Inside Disruption Blog

Valuing the Ideals Behind the ADA

Dr. Tyler Arvig
December 6, 2018


Like many, the author has spent countless hours over the last few days reading about the life and legacy of George H.W. Bush, the 41st president of the United States. Much has been said of his leadership, humor, compassion, and patriotism, not to mention the accomplishments that many of us have forgotten over the course of the last several decades. Presiding over the end of the cold war and helping to free Kuwait from occupation are perhaps the most well-known examples. Tellingly, in a style that is almost alien to us now, he seemed keen to defer taking any personal credit. Bush mentioned that his mother taught him to avoid “the great I am”; to talk not about personal accomplishments, but rather to focus on what “we” can do. While this is a digression of sorts, it speaks to the heart of the topic here today.


Legislation is not as well remembered as events, and certainly not legislation that is a directive about how the federal government will view individuals with disabilities. We don’t think about it much now as it has become integrated into our lives, but at the time it was groundbreaking and huge in scope. Americans have become accustomed to everything the Americans With Disability Act (ADA) provides in society (from handicapped parking, to braille, to wheelchair ramps) and at work (where employers cannot discriminate based on disability, must provide reasonable accommodations, and must protect classes of individuals who have illnesses, deficits, or limitations), without thinking about what life was like before ADA existed.


This author, who has mild physical impairments, was caught off guard during a recent trip to western Europe (visiting undoubtedly progressive and modern societies) to find relatively few areas one could access by wheelchair, few handicapped parking spaces, and a lack of other seemingly basic things that would assist those with limitations function more effectively. Some attractions and museums would have been off limits to someone with physical deficits. The point is not to judge (after all, some of the buildings were over 1000 years old and not very amenable to modification), but to highlight how much ADA was forward thinking and remains rather unique.


The author is an admitted pragmatist, with a tendency to view idealism as something that works nicely on paper but rarely translates to success in the real world. As often happens, life provides examples that highlight how high-level ideas and execution of realistic goals are inextricably linked.


We started with a discussion of George H.W. Bush for a reason. Whether or not one agreed with his politics or worldview, it seems apparent that he was a man guided by ideals and strove to do what he thought was best for others, a point that has been reiterated by everyone from friends to political rivals. His passion for the proper treatment and inclusion of those with disabilities was evident, and his devotion to the cause that was brought to his desk, that later became the ADA, was unwavering. To quote one of the architects of the bill, Lex Frieden, in a recent interview with NPR:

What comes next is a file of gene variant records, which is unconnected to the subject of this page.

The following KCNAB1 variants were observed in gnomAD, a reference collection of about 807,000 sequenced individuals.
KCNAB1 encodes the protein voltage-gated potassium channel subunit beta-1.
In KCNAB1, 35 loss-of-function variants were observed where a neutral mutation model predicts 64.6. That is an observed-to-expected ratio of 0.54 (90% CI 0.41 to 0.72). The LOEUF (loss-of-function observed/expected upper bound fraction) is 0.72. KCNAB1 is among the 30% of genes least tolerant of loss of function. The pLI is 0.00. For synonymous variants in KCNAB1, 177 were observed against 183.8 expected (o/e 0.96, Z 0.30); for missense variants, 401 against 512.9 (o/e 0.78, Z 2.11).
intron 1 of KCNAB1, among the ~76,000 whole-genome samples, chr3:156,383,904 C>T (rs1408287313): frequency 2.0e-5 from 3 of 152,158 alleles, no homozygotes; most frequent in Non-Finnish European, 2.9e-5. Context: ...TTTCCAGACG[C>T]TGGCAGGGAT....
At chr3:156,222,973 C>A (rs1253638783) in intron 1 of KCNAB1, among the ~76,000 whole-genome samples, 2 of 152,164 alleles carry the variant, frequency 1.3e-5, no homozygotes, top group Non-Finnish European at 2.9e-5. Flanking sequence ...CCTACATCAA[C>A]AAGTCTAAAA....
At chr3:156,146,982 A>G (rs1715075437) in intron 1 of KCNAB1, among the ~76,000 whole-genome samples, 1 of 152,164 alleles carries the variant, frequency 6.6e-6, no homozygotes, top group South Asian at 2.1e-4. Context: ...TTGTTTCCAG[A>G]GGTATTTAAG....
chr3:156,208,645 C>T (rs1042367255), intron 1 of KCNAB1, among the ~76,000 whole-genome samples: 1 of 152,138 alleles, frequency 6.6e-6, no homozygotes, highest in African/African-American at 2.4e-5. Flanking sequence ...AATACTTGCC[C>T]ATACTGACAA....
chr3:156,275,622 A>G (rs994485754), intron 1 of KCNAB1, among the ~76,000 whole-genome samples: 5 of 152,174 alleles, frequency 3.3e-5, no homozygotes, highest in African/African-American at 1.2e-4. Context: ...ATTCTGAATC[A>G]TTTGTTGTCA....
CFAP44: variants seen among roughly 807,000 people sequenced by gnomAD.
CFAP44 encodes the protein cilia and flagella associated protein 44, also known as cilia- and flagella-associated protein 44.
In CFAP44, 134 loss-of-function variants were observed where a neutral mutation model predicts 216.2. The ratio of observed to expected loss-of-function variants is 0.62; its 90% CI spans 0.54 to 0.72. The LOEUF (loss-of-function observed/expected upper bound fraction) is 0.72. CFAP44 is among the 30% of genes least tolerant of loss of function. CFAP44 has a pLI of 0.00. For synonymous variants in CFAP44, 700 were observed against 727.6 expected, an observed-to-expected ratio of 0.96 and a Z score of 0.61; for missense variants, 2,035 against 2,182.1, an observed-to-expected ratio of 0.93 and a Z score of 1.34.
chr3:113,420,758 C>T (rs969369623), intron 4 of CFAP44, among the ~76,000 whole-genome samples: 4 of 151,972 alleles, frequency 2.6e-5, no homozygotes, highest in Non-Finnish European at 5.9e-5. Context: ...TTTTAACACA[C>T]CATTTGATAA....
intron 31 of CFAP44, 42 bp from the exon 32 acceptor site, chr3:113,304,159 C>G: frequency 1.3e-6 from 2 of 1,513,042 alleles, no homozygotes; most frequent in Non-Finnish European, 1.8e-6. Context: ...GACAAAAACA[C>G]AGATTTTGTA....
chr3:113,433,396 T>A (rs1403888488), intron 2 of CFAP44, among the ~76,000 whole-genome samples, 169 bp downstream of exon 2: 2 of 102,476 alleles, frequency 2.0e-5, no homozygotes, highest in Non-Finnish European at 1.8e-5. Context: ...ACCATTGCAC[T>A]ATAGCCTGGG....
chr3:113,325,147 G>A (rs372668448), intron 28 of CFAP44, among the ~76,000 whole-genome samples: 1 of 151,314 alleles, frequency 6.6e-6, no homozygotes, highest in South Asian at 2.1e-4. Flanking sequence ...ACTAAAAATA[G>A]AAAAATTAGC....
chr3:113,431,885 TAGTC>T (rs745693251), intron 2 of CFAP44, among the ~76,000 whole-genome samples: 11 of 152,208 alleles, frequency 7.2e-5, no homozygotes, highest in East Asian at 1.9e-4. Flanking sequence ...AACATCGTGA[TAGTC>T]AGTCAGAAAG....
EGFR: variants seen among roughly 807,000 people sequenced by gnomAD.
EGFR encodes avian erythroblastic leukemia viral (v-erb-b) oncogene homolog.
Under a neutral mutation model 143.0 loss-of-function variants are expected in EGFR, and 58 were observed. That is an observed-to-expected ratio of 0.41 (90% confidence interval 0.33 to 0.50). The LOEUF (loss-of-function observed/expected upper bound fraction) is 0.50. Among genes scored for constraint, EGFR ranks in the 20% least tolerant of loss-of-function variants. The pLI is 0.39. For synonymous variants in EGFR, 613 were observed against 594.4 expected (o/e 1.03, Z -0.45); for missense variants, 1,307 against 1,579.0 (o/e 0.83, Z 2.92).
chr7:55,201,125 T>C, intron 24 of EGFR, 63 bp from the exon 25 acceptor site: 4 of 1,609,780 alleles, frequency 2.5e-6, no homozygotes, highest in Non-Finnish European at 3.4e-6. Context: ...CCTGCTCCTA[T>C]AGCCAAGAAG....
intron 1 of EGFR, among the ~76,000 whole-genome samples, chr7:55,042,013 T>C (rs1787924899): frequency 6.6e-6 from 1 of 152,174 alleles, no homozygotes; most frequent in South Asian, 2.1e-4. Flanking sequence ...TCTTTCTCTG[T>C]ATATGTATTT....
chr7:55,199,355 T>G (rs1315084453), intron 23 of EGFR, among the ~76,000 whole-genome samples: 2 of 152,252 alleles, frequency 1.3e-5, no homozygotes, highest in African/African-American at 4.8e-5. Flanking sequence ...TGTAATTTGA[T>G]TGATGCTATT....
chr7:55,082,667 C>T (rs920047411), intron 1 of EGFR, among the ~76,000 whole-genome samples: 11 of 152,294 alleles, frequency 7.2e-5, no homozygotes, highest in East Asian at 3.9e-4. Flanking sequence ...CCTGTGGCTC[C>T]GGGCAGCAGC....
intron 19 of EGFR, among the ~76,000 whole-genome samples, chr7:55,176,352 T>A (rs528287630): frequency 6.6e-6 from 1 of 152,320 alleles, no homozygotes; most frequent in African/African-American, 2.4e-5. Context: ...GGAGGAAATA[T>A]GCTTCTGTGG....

The ADA was a profound piece of legislation. It covered every aspect of social and economic life. It changed the landscape of America. And I attribute that to President Bush, his leadership. He could have compromised at any point in time, and each time he refused to move. He said it’s a matter of principle. (


At the signing of the bill, it was stated that the bill would “let the shameful wall of exclusion finally come tumbling down.” The architects of ADA emphasized inclusion, breaking down barriers, and allowing everyone to live his or her life at the highest level. ADA has protections, of course, but at its core, is about what one can do, not what one can’t do.


The key principals of the ADA and the intent of the architects echo in the work many of us do each day, as we strive to help individuals achieve success. There are often “walls of exclusion” due to illness, external forces, or even self-imposed limitations due to lack of confidence. These cannot and should not define who we are, so long as we are. If guided by principals and informed by the knowledge that doing what is right is rarely easy, but always worthwhile, we can truly help people achieve their highest potential.

Tyler Arvig, PsyD, LP

Associate Medical Director

About the Author: Tyler has over thirteen years of domestic and international experience in behavioral health workplace absence—including disability and worker’s compensation assessment, consultation with employers and insurers on complex claims, effective return to work strategies, program development and improvement, and supervision and training of industry professionals. He is a sought-after speaker, writer and contributor in the field of workplace behavioral health and workplace trauma recovery.